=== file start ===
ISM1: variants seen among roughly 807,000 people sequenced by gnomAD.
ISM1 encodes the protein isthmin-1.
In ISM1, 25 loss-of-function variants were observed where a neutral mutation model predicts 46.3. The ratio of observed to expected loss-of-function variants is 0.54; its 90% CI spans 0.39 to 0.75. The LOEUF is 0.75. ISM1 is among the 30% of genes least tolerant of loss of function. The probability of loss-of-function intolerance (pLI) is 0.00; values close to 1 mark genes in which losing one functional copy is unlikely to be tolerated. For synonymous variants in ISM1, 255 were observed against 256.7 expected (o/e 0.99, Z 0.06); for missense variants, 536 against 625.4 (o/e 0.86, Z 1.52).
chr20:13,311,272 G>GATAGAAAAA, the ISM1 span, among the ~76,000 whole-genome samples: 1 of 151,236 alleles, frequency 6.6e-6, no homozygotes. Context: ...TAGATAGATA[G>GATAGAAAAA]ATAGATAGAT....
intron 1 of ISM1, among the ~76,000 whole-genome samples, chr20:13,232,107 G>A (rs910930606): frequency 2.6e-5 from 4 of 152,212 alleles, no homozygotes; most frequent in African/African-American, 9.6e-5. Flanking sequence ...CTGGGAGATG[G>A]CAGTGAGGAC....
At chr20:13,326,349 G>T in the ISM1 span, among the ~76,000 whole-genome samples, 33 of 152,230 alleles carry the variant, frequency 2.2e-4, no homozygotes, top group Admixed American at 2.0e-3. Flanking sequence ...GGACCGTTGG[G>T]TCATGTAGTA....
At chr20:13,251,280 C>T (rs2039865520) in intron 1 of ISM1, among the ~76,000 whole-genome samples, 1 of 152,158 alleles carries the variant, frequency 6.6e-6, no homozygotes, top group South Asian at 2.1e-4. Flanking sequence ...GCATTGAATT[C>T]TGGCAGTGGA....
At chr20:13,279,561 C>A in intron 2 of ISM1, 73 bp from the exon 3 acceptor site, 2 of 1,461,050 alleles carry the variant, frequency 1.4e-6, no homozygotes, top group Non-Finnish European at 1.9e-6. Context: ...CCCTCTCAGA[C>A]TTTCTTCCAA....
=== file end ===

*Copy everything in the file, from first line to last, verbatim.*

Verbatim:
ISM1: variants seen among roughly 807,000 people sequenced by gnomAD.
ISM1 encodes the protein isthmin-1.
In ISM1, 25 loss-of-function variants were observed where a neutral mutation model predicts 46.3. The ratio of observed to expected loss-of-function variants is 0.54; its 90% CI spans 0.39 to 0.75. The LOEUF is 0.75. ISM1 is among the 30% of genes least tolerant of loss of function. The probability of loss-of-function intolerance (pLI) is 0.00; values close to 1 mark genes in which losing one functional copy is unlikely to be tolerated. For synonymous variants in ISM1, 255 were observed against 256.7 expected (o/e 0.99, Z 0.06); for missense variants, 536 against 625.4 (o/e 0.86, Z 1.52).
chr20:13,311,272 G>GATAGAAAAA, the ISM1 span, among the ~76,000 whole-genome samples: 1 of 151,236 alleles, frequency 6.6e-6, no homozygotes. Context: ...TAGATAGATA[G>GATAGAAAAA]ATAGATAGAT....
intron 1 of ISM1, among the ~76,000 whole-genome samples, chr20:13,232,107 G>A (rs910930606): frequency 2.6e-5 from 4 of 152,212 alleles, no homozygotes; most frequent in African/African-American, 9.6e-5. Flanking sequence ...CTGGGAGATG[G>A]CAGTGAGGAC....
At chr20:13,326,349 G>T in the ISM1 span, among the ~76,000 whole-genome samples, 33 of 152,230 alleles carry the variant, frequency 2.2e-4, no homozygotes, top group Admixed American at 2.0e-3. Flanking sequence ...GGACCGTTGG[G>T]TCATGTAGTA....
At chr20:13,251,280 C>T (rs2039865520) in intron 1 of ISM1, among the ~76,000 whole-genome samples, 1 of 152,158 alleles carries the variant, frequency 6.6e-6, no homozygotes, top group South Asian at 2.1e-4. Flanking sequence ...GCATTGAATT[C>T]TGGCAGTGGA....
At chr20:13,279,561 C>A in intron 2 of ISM1, 73 bp from the exon 3 acceptor site, 2 of 1,461,050 alleles carry the variant, frequency 1.4e-6, no homozygotes, top group Non-Finnish European at 1.9e-6. Context: ...CCCTCTCAGA[C>A]TTTCTTCCAA....